The structure of Brazilian Spinach prevents wilt.
The incredibly hardy Society Garlic growing here amongst the Brazilian Spinach.


Japanese Mint is thriving under the shade of the Navel Orange
The Lemonbalm is flourishing too in the semi-shaded positions.

The Lemon Myrtle has grown so well it needs a haircut.
I like to keep the new growth low where I can easily harvest it


Madagascar Bean - an immature pod. I wait until these are brown and dry, then harvest the lovely purple spotted dry bean inside the pod and use it like a lima bean.

The vine of the Madagascar Bean - so abundant it grew too heavy for the trellis.  This needs attention!

New pumpkins are emerging. That's good - I recently finished eating the last crop. These self seed. The vines are offering some nice young green leaves and flowers for dinner too (but not these female flowers).

Welsh Onion is such a hardy plant. It almost always is upstanding! This Welsh Onion plant I first started growing 23 years ago. I keep dividing and spreading it.  I have it all over the garden and have given away so many. In this spot, it is surrounded by parsley.

Pelargonium in the really really dry spot - I appreciate it's ability to grow in such harsh conditions.

Pigeon pea flourishes in the dry spots too. It has after all grown in India for over 3000 years and providing a dried pea that is used in dahl.

Red hibiscus spinach is starting to bush out nicely. I enjoyed this thoroughly in a stir fry tonight.

The Rosella bushes are coming along too - also a drought-hardy hibiscus. I am looking forward to making some rosella tea.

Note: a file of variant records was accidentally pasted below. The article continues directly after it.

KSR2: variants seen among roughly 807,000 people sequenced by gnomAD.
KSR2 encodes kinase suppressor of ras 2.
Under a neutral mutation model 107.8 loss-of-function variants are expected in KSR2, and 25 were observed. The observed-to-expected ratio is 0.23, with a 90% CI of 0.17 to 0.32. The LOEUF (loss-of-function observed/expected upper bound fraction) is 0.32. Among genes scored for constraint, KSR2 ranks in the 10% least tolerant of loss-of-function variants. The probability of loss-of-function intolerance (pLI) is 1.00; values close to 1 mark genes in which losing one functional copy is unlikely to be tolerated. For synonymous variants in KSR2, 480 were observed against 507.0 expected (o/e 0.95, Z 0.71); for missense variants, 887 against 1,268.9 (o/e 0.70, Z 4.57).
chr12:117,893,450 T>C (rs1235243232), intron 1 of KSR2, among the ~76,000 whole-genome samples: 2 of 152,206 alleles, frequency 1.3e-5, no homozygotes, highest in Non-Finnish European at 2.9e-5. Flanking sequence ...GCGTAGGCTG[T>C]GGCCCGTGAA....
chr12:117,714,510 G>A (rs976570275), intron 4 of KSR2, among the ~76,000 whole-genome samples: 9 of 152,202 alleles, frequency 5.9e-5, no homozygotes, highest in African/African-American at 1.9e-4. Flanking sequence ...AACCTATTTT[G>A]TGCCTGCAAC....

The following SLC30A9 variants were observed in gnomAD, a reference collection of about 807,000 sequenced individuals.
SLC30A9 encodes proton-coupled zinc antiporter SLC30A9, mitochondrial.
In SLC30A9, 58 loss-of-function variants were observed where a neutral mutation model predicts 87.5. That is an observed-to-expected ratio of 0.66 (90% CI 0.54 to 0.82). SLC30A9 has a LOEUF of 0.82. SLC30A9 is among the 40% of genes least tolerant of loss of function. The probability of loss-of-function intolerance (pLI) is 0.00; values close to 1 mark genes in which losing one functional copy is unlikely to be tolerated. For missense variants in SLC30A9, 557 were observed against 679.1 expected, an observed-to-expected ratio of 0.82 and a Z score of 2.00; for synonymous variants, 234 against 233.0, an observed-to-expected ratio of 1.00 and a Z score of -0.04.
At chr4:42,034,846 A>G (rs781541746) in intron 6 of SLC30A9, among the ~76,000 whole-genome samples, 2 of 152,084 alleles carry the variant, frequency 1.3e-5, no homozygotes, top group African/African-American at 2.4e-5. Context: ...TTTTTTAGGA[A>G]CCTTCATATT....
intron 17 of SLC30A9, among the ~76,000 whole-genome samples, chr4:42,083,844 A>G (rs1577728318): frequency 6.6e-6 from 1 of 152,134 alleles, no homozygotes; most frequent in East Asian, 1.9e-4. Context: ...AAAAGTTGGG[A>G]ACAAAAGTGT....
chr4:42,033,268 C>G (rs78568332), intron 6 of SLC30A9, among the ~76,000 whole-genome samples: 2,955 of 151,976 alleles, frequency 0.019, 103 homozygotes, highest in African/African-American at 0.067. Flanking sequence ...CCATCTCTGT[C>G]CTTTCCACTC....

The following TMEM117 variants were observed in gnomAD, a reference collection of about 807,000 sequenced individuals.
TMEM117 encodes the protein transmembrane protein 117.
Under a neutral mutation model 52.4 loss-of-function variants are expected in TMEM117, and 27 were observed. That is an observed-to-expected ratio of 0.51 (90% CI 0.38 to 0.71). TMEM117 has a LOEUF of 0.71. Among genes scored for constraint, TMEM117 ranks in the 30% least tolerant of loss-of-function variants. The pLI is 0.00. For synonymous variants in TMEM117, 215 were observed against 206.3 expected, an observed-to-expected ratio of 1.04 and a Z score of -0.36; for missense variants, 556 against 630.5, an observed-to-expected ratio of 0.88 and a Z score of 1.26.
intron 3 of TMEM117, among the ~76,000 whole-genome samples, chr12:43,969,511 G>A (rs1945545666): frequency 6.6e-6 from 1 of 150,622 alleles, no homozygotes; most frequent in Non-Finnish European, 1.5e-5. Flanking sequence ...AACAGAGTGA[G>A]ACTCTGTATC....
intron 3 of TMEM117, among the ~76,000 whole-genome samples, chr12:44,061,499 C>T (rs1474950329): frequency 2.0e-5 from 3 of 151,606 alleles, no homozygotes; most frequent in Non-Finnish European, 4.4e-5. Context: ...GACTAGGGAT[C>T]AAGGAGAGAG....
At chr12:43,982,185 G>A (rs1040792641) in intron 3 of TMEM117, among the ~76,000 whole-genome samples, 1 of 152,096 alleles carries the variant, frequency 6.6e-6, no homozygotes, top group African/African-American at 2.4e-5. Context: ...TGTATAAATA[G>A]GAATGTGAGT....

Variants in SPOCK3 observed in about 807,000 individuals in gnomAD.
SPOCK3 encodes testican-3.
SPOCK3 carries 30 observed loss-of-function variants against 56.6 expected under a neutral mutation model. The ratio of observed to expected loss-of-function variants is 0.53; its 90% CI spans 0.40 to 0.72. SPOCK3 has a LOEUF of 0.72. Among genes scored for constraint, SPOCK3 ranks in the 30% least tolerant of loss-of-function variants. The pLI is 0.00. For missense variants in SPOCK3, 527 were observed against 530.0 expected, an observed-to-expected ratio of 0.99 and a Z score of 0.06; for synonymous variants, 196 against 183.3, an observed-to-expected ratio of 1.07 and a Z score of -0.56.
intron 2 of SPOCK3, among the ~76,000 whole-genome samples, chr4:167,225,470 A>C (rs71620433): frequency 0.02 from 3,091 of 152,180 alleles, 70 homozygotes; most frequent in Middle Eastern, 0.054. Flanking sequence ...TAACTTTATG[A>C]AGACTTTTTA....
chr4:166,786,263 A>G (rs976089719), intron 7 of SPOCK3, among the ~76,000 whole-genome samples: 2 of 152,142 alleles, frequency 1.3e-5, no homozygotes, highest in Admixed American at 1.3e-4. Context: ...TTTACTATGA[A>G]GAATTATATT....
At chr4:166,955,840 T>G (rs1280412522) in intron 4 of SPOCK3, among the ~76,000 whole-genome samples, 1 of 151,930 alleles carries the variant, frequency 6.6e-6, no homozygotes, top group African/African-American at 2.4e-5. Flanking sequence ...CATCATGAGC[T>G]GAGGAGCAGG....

The Mexican tarragon is thriving. A lot of this will be going to a daylong herb workshop I am doing at Northey Street City Farm in a couple of weeks.

I am so impressed by this tuscan kale - it is perfect!  It's roots were covered with a lot of mulch. Another kale in spot that was too dry and had less mulch is almost all bug eaten. 

The hardy Peruvian ground apple - Yacon. The young leaves are edible while we wait for the root to form. In winter, the top will die back and we can harvest the sweet roots.

I am so keen to get in and start work, but I think it's really important first - before getting in with a flurry of activity - to stay in observation mode for a little while longer. I am assessing where the garden is - how all the plants are doing, how the system has evolved, what gaps are there, what problems are happening, what are the priority tasks, what new structures are needed, where could I put in my new herb crops, what needs changing, where will the children's new gardens go, where can they build their treehouse...

I love the process of keeping the design alive - evolving and adapting to the changing conditions and needs.

Happy gardening everyone!


Children's permaculture workshops

Leading children's permaculture workshops at the Mt Cootha Botanic Gardens was my adventure yesterday.

There was wonderful creative excitement as around 75 children parents and grandparents (in 2 sessions) explored the world of perennial permaculture plants and how to propagate them in their own handmade up-cycled and decorated mini-wicking garden beds.




We nibbled, smelt, felt and planted a range of interesting plants and explored the role they play in our food, our medicine and our garden system - chocolate mint, Japanese mint, Vietnamese mint,  Brazilian spinach, Red Hibiscus spinach, Mexican tarragon, cosmos, sacred basil, pelargonium, oregano, weeping rosemary and society garlic. The workshop room in the Botanic Gardens Library smelt incredible!

Red Hibiscus Spinach

The children made wicking pots from old 2 or 3 litre milk bottles and juice bottles and when we ran out of those we made some smaller temporary biodegradable pots from newspaper.  I''ll post soon with a full explanation about how to make these different pots.

Thanks to the library staff for organising and setting up, thanks to the parents for bringing their children and getting so involved in the session, and thanks of course to the children for being so amazingly enthusiastic about planting and sustainability.

 I love doing workshops for kids - just so much fun!  Every school holidays the Brisbane City Council supports me to offer free workshops for kids throughout libraries in the city.  During the year I also organise Nature Kids programs on the weekends to get out in nature to explore, learn and connect.

Here are just a few of the beautiful faces of the children and their creations yesterday.